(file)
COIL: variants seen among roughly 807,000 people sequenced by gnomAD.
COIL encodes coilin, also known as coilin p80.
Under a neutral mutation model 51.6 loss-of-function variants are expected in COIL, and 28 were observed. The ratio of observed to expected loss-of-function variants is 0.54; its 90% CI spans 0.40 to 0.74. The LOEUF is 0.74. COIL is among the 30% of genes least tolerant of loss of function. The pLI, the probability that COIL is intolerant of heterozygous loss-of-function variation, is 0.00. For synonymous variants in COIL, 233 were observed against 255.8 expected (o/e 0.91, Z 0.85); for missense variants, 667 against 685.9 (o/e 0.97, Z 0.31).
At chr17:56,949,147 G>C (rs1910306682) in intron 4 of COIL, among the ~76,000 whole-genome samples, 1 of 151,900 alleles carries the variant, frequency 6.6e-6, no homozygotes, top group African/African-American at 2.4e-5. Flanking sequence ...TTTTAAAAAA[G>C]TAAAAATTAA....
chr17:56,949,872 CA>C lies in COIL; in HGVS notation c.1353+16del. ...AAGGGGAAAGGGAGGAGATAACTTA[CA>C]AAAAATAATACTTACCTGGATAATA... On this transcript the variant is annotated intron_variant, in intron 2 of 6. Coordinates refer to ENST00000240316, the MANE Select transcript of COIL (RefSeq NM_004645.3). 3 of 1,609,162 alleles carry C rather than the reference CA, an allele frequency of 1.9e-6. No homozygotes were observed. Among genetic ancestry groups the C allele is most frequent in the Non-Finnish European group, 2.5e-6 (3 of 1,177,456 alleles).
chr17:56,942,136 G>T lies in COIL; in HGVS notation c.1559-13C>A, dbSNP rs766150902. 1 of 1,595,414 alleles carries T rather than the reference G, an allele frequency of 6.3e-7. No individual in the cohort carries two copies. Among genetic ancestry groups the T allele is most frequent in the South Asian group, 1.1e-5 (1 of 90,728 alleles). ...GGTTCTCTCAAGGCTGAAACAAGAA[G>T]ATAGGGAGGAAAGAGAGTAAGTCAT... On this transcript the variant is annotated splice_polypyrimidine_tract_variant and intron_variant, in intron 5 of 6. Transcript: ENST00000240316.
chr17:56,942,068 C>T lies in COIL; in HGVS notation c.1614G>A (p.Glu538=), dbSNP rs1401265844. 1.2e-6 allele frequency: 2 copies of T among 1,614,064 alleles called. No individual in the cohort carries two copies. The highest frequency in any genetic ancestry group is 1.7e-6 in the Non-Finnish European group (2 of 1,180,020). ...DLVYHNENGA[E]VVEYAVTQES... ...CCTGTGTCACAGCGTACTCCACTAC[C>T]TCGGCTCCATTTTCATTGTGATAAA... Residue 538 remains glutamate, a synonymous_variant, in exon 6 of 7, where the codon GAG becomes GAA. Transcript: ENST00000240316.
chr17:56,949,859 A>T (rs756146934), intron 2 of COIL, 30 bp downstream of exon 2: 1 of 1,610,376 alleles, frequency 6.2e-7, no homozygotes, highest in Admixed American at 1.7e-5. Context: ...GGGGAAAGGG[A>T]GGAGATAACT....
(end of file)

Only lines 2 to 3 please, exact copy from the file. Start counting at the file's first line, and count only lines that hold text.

COIL encodes coilin, also known as coilin p80.
Under a neutral mutation model 51.6 loss-of-function variants are expected in COIL, and 28 were observed. The ratio of observed to expected loss-of-function variants is 0.54; its 90% CI spans 0.40 to 0.74. The LOEUF is 0.74. COIL is among the 30% of genes least tolerant of loss of function. The pLI, the probability that COIL is intolerant of heterozygous loss-of-function variation, is 0.00. For synonymous variants in COIL, 233 were observed against 255.8 expected (o/e 0.91, Z 0.85); for missense variants, 667 against 685.9 (o/e 0.97, Z 0.31).